Propane tank leak determined as cause of San Marcos food truck explosion


SAN MARCOS, Texas (KXAN) — Fire investigators have determined that a propane gas leak caused the series of explosions in San Marcos Thursday that destroyed multiple food trucks. Officials say no one was injured in the explosions.

According to investigators, the leak started at the Rondooley’s food truck. An unknown source sparked the fuel, causing the first explosion. The second was caused by another nearby propane tank becoming overheated.

San Marcos Fire Chief Les Stephens told KXAN they got a call at around 6:03 a.m. Thursday morning. The second explosion came around 6:20 a.m.

It happened at a new food trailer park on Chesnut street near Texas State University.

Stephens said a total of four food trucks were damaged or destroyed and seven buildings were impacted.

Food truck owners devastated

“My anxiety was at an all time high,” said Umberto Ortiz who owns the El Morenito truck.

“One day you’re working there, and the next day, you’re just, it’s gone,” he continued. “You don’t think it’ll ever happen to you. It’s just unbelievable.”

Ortiz’s truck was right next to the Rondooley’s. Our crews also saw significant damage to Tikiz Shaved Ice.

Ortiz told KXAN just two weeks ago, he left his full-time job to dedicate all of his time and energy into his trailer. Cooking brings him peace and joy, he said.

“As I was growing up, I wasn’t very confident in cooking. It wasn’t until I started cooking for other people that it instilled confidence. They were like you should open up your restaurant. You should do this,” Ortiz explained.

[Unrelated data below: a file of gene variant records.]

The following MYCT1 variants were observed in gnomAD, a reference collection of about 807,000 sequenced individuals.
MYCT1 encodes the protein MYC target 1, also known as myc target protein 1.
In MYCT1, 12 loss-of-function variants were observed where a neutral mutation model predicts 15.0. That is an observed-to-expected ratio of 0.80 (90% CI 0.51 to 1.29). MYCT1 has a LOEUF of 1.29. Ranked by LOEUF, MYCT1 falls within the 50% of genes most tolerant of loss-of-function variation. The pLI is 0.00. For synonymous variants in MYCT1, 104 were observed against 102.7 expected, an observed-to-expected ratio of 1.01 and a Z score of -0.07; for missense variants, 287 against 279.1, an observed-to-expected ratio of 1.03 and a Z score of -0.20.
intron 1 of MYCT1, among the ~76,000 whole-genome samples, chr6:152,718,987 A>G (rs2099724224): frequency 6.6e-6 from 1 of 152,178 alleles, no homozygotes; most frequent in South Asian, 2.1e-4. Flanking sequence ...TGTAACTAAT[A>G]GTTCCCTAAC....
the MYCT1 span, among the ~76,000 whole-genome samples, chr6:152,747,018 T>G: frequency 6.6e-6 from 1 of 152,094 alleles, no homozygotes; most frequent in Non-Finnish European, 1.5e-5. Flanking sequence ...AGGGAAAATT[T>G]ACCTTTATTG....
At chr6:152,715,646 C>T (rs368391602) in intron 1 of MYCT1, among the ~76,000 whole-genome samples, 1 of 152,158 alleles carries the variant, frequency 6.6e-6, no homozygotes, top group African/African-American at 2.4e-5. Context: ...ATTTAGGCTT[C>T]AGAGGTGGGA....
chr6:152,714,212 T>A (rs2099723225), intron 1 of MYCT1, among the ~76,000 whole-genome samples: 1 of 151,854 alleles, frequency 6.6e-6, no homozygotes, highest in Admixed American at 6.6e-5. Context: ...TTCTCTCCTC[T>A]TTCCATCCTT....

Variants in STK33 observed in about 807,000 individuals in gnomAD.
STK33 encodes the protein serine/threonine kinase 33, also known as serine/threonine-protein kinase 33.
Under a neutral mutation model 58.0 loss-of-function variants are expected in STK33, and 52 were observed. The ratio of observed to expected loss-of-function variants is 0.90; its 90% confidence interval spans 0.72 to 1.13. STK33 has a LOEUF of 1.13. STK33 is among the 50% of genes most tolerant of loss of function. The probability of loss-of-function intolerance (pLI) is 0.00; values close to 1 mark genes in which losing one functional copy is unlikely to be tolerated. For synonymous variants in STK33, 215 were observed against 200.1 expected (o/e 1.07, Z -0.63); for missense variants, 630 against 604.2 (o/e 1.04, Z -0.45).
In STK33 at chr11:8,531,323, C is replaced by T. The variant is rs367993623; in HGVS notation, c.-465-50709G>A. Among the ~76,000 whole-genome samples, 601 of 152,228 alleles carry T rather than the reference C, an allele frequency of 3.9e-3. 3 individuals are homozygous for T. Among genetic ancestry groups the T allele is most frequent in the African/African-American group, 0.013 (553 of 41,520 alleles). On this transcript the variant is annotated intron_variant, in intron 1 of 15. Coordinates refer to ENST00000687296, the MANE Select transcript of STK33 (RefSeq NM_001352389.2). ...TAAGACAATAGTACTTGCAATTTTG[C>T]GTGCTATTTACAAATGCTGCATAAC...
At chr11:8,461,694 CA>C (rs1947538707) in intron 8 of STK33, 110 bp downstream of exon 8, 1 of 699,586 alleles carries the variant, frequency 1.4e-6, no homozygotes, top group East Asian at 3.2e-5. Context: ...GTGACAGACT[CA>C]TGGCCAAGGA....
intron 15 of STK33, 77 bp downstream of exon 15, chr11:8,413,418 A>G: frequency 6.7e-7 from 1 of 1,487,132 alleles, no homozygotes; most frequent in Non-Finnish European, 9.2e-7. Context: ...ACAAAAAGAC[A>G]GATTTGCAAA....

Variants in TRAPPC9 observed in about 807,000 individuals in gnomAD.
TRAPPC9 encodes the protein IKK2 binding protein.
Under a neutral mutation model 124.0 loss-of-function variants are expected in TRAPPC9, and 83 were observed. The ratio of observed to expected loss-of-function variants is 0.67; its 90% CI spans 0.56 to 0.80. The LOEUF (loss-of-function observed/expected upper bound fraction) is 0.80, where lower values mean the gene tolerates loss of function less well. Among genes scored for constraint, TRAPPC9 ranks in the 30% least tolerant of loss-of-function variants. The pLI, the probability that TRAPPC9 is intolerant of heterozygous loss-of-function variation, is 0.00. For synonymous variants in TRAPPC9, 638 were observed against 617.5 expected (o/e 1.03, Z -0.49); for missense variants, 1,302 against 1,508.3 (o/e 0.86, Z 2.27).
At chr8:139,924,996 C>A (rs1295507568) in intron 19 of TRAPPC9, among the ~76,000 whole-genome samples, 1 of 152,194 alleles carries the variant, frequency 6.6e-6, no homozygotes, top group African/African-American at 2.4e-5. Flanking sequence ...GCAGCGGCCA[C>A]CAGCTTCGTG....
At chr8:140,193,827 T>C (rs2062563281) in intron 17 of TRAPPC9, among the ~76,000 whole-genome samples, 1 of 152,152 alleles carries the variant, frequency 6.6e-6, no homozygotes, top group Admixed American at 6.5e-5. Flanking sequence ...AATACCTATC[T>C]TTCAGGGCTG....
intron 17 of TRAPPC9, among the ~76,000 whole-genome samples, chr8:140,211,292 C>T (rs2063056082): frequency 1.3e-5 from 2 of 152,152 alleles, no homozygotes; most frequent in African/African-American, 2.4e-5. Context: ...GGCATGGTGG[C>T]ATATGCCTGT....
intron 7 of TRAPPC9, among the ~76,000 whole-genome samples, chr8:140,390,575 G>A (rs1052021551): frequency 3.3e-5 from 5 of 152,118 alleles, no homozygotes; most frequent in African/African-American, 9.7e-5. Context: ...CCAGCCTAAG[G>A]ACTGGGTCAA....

He added, “What I did find out through cooking is that it settled my anxiety, my depression.”

Ortiz said he now wonders if the city should check for propane leaks often.

When asked about propane tank requirements, city officials told KXAN, ” There is no limit to size or quantity of propane tanks allowed. The main requirement is that all the tanks be properly secured in an upright position.”

He also wondered if there’s a leak detection system that can alert fire departments when the trucks are closed.

“Maybe that’s something they should look into, putting in these food trailers,” Ortiz said. “Something that sets out an alarm that’s maybe tied to the fire department, if that capability is available.”

Witnesses share what they saw

KXAN talked to one Texas State senior, Michael Cugini who said he thought the explosion was just thunder. “I thought it was unusual that thunder sounded that loud, I kind of chalked it up to that but I definitely woke up, heart was pounding it was that loud, I mean it was one of the loudest things I’d heard,” said Cugini.

Another Texas State student, Skylar Jaramillo, said she and her roommates thought the explosion was the sound of their apartment building collapsing.

“We were all asleep when we heard this like giant crash and honestly a lot of us thought it was the structural integrity of the building. We were freaking out like, ‘oh my god the building is falling,’ and then we looked outside and see this huge fireball.”

“It was really scary at first because we don’t know what’s happening it’s the middle of the night a bunch of stuff fell off our walls and we’re freaking out and then we see this giant explosion and reality just kind of sets in that this is somebody’s livelihood and it’s just kind of heart-wrenching,” said Jaramillo.

Residents were told to avoid windows and remain indoors before the order was lifted at 7:23 a.m.

A spokesperson with Texas State University said the explosions posed no threat to the school and that the campus operated normally.

Video courtesy twitter user @HelesBestGirl

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